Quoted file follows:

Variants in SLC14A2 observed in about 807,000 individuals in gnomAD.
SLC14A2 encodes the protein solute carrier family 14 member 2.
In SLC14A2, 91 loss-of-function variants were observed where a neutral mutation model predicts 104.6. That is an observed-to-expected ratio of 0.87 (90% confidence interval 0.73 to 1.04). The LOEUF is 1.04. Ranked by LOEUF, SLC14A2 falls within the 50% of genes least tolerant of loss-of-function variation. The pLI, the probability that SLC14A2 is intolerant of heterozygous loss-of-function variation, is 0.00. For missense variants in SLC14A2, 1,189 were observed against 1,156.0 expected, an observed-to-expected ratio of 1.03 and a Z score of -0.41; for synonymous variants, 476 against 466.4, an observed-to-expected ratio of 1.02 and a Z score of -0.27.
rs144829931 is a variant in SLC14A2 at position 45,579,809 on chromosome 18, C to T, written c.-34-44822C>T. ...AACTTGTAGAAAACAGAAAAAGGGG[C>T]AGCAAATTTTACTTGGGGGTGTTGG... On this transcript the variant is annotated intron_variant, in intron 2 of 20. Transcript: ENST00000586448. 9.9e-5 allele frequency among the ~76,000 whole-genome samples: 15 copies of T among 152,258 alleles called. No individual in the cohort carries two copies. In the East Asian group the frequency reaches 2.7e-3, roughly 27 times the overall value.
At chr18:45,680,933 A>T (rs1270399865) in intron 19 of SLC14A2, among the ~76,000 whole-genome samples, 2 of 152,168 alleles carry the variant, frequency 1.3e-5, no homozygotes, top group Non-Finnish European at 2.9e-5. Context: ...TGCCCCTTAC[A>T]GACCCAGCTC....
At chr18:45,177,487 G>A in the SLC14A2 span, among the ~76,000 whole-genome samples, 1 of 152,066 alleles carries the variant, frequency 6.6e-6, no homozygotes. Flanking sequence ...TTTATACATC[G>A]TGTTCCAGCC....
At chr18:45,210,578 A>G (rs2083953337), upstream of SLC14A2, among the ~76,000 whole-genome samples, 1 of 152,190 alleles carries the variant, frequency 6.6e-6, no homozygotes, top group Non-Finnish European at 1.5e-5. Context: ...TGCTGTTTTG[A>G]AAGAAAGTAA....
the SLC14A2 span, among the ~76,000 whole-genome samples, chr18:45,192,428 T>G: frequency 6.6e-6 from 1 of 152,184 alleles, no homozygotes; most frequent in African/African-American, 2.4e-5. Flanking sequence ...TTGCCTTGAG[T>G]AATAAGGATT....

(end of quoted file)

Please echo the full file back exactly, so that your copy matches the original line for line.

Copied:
Variants in SLC14A2 observed in about 807,000 individuals in gnomAD.
SLC14A2 encodes the protein solute carrier family 14 member 2.
In SLC14A2, 91 loss-of-function variants were observed where a neutral mutation model predicts 104.6. That is an observed-to-expected ratio of 0.87 (90% confidence interval 0.73 to 1.04). The LOEUF is 1.04. Ranked by LOEUF, SLC14A2 falls within the 50% of genes least tolerant of loss-of-function variation. The pLI, the probability that SLC14A2 is intolerant of heterozygous loss-of-function variation, is 0.00. For missense variants in SLC14A2, 1,189 were observed against 1,156.0 expected, an observed-to-expected ratio of 1.03 and a Z score of -0.41; for synonymous variants, 476 against 466.4, an observed-to-expected ratio of 1.02 and a Z score of -0.27.
rs144829931 is a variant in SLC14A2 at position 45,579,809 on chromosome 18, C to T, written c.-34-44822C>T. ...AACTTGTAGAAAACAGAAAAAGGGG[C>T]AGCAAATTTTACTTGGGGGTGTTGG... On this transcript the variant is annotated intron_variant, in intron 2 of 20. Transcript: ENST00000586448. 9.9e-5 allele frequency among the ~76,000 whole-genome samples: 15 copies of T among 152,258 alleles called. No individual in the cohort carries two copies. In the East Asian group the frequency reaches 2.7e-3, roughly 27 times the overall value.
At chr18:45,680,933 A>T (rs1270399865) in intron 19 of SLC14A2, among the ~76,000 whole-genome samples, 2 of 152,168 alleles carry the variant, frequency 1.3e-5, no homozygotes, top group Non-Finnish European at 2.9e-5. Context: ...TGCCCCTTAC[A>T]GACCCAGCTC....
At chr18:45,177,487 G>A in the SLC14A2 span, among the ~76,000 whole-genome samples, 1 of 152,066 alleles carries the variant, frequency 6.6e-6, no homozygotes. Flanking sequence ...TTTATACATC[G>A]TGTTCCAGCC....
At chr18:45,210,578 A>G (rs2083953337), upstream of SLC14A2, among the ~76,000 whole-genome samples, 1 of 152,190 alleles carries the variant, frequency 6.6e-6, no homozygotes, top group Non-Finnish European at 1.5e-5. Context: ...TGCTGTTTTG[A>G]AAGAAAGTAA....
the SLC14A2 span, among the ~76,000 whole-genome samples, chr18:45,192,428 T>G: frequency 6.6e-6 from 1 of 152,184 alleles, no homozygotes; most frequent in African/African-American, 2.4e-5. Flanking sequence ...TTGCCTTGAG[T>G]AATAAGGATT....